The following editorial first appeared in the Philadelphia Inquirer:
It may be overly optimistic to expect Republicans and Democrats to agree to individually pass some key elements of President Barack Obama’s defeated jobs legislation.
But to accept the alternative perspective, that there’s no way this Democrat running for reelection is ever going to get Republican support, would be demoralizing. The public is desperate for bipartisanship — on anything.
Was it a dream, or wasn’t there a time in America when lawmakers who considered themselves statesmen could be counted on to put politics aside to vote in the public’s best interest? If the jobs bill had flaws, there was no serious negotiation to fix them.
Instead, Democrats accused Republicans of not wanting the economy to improve because that would help Obama, while Republicans accused Democrats of wanting Republicans to kill the jobs bill so they could be blamed for high unemployment rates.
What has this gamesmanship cost? Unless approved individually, proposals in the jobs bill that could have helped millions of people weather the current economy have fallen victim to political posturing. Among the bill’s ideas that deserve reconsideration:
• Workers’ take-home pay would be boosted by cutting the Social Security wage tax to 3.1 percent.
• Business taxes would be cut in half on payrolls up to $5 million.
• Payroll taxes would be eliminated for new workers or increases in current workers’ pay.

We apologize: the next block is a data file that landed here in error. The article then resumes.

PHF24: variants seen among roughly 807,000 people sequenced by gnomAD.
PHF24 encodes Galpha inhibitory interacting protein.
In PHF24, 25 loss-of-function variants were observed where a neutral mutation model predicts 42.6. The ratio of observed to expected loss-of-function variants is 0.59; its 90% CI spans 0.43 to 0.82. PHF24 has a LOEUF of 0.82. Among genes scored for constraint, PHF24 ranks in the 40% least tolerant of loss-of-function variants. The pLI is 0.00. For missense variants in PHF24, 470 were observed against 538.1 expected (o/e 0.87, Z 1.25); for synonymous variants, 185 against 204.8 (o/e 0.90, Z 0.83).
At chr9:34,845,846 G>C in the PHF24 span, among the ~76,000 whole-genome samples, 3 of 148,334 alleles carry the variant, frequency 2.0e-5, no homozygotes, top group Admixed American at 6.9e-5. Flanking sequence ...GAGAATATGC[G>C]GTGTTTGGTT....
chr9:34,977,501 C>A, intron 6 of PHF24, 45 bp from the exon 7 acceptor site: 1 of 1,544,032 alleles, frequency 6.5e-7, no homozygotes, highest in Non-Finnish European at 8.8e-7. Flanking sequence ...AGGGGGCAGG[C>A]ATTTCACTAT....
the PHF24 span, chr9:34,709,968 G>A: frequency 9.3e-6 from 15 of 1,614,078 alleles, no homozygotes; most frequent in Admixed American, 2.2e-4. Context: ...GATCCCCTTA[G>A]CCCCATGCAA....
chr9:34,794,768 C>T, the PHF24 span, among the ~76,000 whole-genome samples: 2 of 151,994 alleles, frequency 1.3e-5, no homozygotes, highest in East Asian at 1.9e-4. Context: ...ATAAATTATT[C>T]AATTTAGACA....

• Companies could receive a $4,000 tax credit for hiring a long-term unemployed worker.
• A $50 billion investment would be made to modernize highways, transit, rail and aviation.
• A $35 billion allocation would prevent the layoffs of 280,000 teachers nationwide.
• An additional $25 billion would modernize classrooms.
•There was $15 billion to rehabilitate and refurbish vacant properties and foreclosed homes.
• The bill also would provide job training, update the unemployment insurance system, and extend jobless benefits.
The Senate vote that doomed the package fell strictly along partisan lines, with the Republicans and two Democrats who face tough re-election contests in conservative states — Ben Nelson of Nebraska and Jon Tester of Montana — voting against it.
Senate Majority Leader Harry Reid, D-Nev., switched his vote from yes to no, but only as a procedural maneuver, so he would be able to move to reconsider the vote. Obama said the defeat was “by no means the end of this fight.”
The cerebral president in recent weeks has been urged to be more combative, but it’s not fighting words that most Americans are craving. That’s almost all they’re hearing from Democrats and Republicans, and they have had enough. People need jobs, preferably without the politics.